March 4, 2009 12:00 am

Debt Relief

Today, with high credit card balances, mortgages exceeding the value of many homes, and other debt problems, individuals may be able to work out some arrangement with lenders. If the arrangement results in a reduction of what is owed, the borrower usually realizes income, called discharge of indebtedness income or cancellation of debt income. Such income is usually taxable, but there are three key exceptions:

  • Insolvency
  • Bankruptcy
  • Special rule for homeowners


If an individual is insolvent at the time of debt forgiveness (debts exceed the fair market value assets of the individual), debt forgiveness is not includible in gross income. Insolvency is tricky to demonstrate; the assistance of a tax professional is advisable when relying on this to avoid tax on debt forgiveness.


If an individual files for personal bankruptcy, debt forgiveness under the terms of the bankruptcy plan is not includible in gross income.

Special Rule for Homeowners

Homeowners who experienced debt forgiveness in 2008 and received a Form 1099-C reporting this debt forgiveness as income may be confused about this. Is debt forgiveness taxable? Does this income have to be reported on the 2008 income tax return?

Under a special rule created by the Mortgage Forgiveness Debt Relief Act of 2007, the forgiven debt related to a principal residence may be tax free. This exclusion applies for debt relief in 2007 through 2012. Situations in which debt forgiveness can arise include:

  • Foreclosure
  • A short sale (selling the home back to the lender for less than the amount of the outstanding mortgage, with the lender forgiving the difference)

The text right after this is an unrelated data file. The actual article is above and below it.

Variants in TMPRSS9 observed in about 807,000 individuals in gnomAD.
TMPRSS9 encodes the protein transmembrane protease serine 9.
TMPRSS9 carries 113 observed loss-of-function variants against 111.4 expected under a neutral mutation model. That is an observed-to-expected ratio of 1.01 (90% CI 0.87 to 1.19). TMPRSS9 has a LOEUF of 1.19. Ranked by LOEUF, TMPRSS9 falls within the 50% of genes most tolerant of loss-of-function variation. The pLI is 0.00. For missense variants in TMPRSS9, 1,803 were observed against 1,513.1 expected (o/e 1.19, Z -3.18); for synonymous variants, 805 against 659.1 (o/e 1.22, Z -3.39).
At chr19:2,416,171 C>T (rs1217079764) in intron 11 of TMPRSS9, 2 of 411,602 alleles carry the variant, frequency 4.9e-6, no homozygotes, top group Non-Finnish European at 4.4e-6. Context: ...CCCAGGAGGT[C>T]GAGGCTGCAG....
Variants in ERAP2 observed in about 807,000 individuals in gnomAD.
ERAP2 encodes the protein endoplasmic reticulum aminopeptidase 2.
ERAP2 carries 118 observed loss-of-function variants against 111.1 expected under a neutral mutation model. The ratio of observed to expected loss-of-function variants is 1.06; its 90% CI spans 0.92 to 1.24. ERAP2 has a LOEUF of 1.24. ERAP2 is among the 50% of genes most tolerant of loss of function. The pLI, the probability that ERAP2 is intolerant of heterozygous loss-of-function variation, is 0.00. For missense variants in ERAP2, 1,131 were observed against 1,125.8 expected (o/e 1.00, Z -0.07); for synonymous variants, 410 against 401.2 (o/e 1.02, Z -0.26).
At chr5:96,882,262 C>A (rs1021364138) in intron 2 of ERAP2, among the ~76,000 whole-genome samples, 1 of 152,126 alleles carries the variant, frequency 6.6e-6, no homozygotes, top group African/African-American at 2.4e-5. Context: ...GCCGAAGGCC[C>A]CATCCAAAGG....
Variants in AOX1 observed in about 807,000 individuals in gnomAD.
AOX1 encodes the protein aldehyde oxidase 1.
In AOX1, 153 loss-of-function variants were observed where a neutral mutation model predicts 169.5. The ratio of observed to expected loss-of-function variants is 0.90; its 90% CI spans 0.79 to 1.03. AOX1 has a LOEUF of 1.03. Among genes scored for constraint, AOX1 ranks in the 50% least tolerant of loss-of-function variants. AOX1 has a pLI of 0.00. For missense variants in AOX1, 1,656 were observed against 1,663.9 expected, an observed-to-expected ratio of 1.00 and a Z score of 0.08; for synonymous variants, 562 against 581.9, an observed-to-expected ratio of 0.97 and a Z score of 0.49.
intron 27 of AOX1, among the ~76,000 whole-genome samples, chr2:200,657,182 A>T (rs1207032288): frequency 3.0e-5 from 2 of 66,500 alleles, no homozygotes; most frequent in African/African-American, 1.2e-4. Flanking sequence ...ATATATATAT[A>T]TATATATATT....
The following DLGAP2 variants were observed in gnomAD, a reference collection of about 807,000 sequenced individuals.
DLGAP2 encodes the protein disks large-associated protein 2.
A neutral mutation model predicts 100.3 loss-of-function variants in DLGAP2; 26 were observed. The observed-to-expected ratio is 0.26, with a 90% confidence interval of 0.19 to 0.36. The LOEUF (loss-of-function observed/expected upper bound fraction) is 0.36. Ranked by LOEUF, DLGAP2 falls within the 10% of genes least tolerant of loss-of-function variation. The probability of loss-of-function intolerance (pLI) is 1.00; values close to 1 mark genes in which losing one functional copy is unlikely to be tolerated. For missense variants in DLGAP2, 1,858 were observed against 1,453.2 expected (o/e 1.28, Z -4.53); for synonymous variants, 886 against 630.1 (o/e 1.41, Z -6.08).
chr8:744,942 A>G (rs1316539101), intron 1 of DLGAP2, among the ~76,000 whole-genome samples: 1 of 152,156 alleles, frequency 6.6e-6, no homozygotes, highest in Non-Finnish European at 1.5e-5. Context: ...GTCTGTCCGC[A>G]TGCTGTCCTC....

• A renegotiation of the terms of the mortgage for less than the outstanding balance

The excludable amount of debt forgiveness is capped at $2 million of debt forgiveness ($1 million for married persons filing separately). The mortgage loan must have been used to acquire, build, or substantially improve a principal residence, so the exclusion does not apply to debt forgiveness related to a vacation home, rental property, or business property. Similarly, there is no exclusion for debt forgiveness related to credit cards and car loans.

If you qualify for debt forgiveness related to your home, you must complete Form 982 and attach it to the return. Completing this form tells the IRS that the amount reported as income on Form 1099-C can be excluded under the home mortgage exception.

Other Tax Concerns

Reporting income from the discharge of indebtedness is not the only tax issue that can arise when debt is forgiven. An individual can have a taxable gain in some cases.

When a home is foreclosed upon, gain can result. A foreclosure is treated like a sale. Gain is the difference between the fair market value of the home foreclosed and the owner’s adjusted basis (usually the purchase price plus capital improvements).

If the owner has owned and used the home as his or her principal residence for at least 2 of the 5 years preceding the date of the foreclosure, then gain can be excluded up to $250,000 ($500,000 on a joint return). If this time test has not been satisfied, it may be possible to prorate the exclusion to tax on the gain for the period in which the test was met. A proration is allowed if a sale occurs because of “an unforeseen circumstance.” The IRS has yet to rule that a foreclosure is an unforeseen circumstance, but it arguably is so.

Some homeowners opt to sell their homes rather than go into foreclosure. Often, the homeowners sell for less than their original purchase price. Loss on the sale of a personal residence is not deductible in most cases.


Tax Glossary

Net operating loss

A business loss that exceeds current income may be carried back against income of prior years and carried forward as a deduction from future income until eliminated.

More terms